PhD research

Since the Late Bronze Age, Europe could be imagined as a complex global network of social relationships. For later prehistory there is sufficient evidence for long-distance trade, assuming strong links, between sites connected by land. Evidence for this long distance trade is also reflected throughout the European Atlantic coastline (Cunliffe, 2001; Henderson, 2007). However, in these instances, the only way that these sites could have developed such a connection would have been across the water.

Traditionally the concept of connectivity is derived from the mathematical analysis of networks. In mathematics, a network is the relationship of nodes and edges plotted in a graph (Wilson, 1996). As a result, a graph is connected when all the nodes can be reached from another node by means of an edge.

In archaeology, the study of social networks is represented by the relationship of single objects, settlements and communities (nodes) and the effort needed to connect with one another via paths or routes (edge variability) (Conolly and Lake, 2007; Brughmans, in press). In the case of maritime connectivity, the edges might not exist as visual representations of these connectors, as might be the case for roads and pathways on land. However, edge variability could be identified by other physical factors, such as prevailing wind forces, tidal streams and flows and geographic morphology.

Research on prehistoric relationships is distinctly centered on understanding connectivity through land-based studies (see Isaksen, 2008; Murrieta Flores et al., 2009). Some attempts have been made to reconstruct maritime connectivity but at smaller scale to its terrestrial counterpart (Horden and Purcell, 2000; Broodbank, 2002; Broodbank, 2006; Malkin et al., 2007; Knappett et al., 2008). It is therefore crucial that detailed research on connectivity is undertaken from a maritime perspective. The Isles of Scilly, off the southwest coast of Great Britain, will provide the ideal test-bed for this research. This is due not only to their unique later prehistoric sites, combined with their excellent level of preservation, but also because of the nature of their maritime landscape and their nodal location between the Atlantic ocean and the English Channel.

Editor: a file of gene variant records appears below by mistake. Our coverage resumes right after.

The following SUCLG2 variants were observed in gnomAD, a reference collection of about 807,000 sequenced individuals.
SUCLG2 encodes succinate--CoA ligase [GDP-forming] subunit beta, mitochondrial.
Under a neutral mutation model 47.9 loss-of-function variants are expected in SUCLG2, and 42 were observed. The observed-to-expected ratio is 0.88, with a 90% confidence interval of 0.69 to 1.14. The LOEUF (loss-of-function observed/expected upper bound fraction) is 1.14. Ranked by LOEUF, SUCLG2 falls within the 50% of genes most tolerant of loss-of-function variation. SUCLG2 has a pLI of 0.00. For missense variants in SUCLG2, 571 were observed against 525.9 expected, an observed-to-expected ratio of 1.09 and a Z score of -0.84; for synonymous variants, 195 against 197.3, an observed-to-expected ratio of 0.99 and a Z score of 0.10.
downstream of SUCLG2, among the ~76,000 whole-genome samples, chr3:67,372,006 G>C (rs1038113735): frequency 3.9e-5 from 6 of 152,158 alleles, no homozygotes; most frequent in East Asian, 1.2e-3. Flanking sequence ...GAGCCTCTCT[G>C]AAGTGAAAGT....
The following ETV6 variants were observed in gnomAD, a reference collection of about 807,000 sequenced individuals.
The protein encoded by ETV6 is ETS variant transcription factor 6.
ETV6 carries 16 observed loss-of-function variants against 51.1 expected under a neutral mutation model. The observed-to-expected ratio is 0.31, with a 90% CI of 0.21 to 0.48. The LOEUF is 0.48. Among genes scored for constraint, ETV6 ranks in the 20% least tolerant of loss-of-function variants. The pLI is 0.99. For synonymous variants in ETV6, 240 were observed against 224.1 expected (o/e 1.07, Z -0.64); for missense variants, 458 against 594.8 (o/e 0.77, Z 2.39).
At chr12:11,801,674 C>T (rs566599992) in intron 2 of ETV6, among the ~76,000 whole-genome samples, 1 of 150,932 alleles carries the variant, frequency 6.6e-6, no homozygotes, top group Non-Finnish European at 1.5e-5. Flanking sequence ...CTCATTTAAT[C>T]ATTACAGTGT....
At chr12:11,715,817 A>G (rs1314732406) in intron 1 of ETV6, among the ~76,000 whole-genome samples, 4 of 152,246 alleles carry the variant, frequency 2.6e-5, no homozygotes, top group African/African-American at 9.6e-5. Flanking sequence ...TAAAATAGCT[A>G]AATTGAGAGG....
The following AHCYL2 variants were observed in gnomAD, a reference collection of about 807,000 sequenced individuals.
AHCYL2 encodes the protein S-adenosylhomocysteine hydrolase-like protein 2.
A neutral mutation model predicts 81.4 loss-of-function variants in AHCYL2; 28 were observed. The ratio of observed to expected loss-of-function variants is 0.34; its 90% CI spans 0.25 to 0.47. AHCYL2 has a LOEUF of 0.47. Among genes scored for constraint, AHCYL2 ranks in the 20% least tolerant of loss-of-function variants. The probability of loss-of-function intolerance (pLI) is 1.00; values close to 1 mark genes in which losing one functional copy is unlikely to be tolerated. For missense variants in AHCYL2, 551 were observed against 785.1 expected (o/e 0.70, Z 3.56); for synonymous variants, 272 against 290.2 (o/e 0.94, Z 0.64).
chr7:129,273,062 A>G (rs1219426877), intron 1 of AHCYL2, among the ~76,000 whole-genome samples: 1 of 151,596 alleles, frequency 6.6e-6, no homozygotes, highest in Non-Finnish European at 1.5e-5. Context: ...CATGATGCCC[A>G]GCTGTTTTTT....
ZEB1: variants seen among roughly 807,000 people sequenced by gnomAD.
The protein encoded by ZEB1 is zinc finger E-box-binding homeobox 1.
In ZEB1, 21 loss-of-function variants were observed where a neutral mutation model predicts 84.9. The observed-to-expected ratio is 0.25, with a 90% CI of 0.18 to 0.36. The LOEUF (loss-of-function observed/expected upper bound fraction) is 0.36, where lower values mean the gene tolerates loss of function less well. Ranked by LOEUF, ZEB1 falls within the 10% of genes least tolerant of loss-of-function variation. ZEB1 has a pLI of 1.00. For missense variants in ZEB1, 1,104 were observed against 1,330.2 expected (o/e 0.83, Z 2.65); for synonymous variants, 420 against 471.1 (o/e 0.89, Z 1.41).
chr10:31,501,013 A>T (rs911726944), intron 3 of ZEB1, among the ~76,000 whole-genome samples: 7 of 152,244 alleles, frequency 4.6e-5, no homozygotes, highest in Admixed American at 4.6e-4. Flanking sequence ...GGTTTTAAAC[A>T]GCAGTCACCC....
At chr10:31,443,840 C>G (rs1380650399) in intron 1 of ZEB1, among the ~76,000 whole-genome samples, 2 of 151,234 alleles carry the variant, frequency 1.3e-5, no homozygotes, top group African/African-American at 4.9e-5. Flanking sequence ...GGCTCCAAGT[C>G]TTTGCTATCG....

Connection cannot and should not be seen as the static relationship of points on a map interconnected by roads or routes. It is the flow of social interaction across space, subject to constant change. Therefore, to understand social connectivity it is necessary to quantify that change.

This research will analyse life in Iron Age (c700 BC-AD 43) island communities, with a particular focus on the maritime connectivity of the Isles of Scilly. My theoretical framework, which places a strong emphasis on maritime rhythmical analysis (space/time), will explain these changes by the innovative use of 4D GIS modelling and computational network analysis. Maritime environments are highly dynamic, therefore the scale of change affects societies constantly. This study’s focus on the temporal component as a way to more holistically reconstruct prehistoric connectivity, will significantly challenge present archaeological and computational studies. It will furthermore provide a solid theoretical and analytical framework, of global applicability, which can be used in subsequent studies of maritime connectivity and social interaction.

1.1      Aims and objectives

This research will generate Iron Age maritime connectivity models to reconstruct island social interaction and change for this period. To create these models, quantification of the temporal scale (rhythm) of both social and biophysical environments will be undertaken through the use of temporal GIS techniques and network analysis.

The main objectives:

  1. To study Scilly’s Iron Age maritime transport. This will be undertaken through a reassessment of the information produced both by academic sources – ‘grey literature’, and through access to archaeological collections for the period. The latter will involve the support of the British Museum, which has already granted full access to their significant Iron Age collections.
  2. To integrate in a geodatabase, specific information regarding the Isles of Scilly’s archaeology, environment and geography, together with all relevant information regarding Iron Age climatic change.
  3. To run in a GIS system Scilly’s Iron Age palaeogeographic reconstruction models.
  4. To run in a GIS system Scilly’s Iron Age palaeotidal regime models.
  5. To successfully combine these models and generate surface-cost models.
  6. To generate heuristic 4D GIS models of maritime transport for Iron Age Scilly.

1.2      Background to the study area and previous research

The Isles of Scilly have not only been a loosely connected area due to their location (Fig. 1), they have also remained, to some extent, isolated from archaeological research. Nevertheless, there is substantial archaeological information present in the area. The Islands are thought to have been occupied since the Late Palaeolithic (Johns et al., 2004), but direct archaeological information for habitation is dated to after the Mesolithic (Ashbee, 1982; Berridge and Roberts, 1986).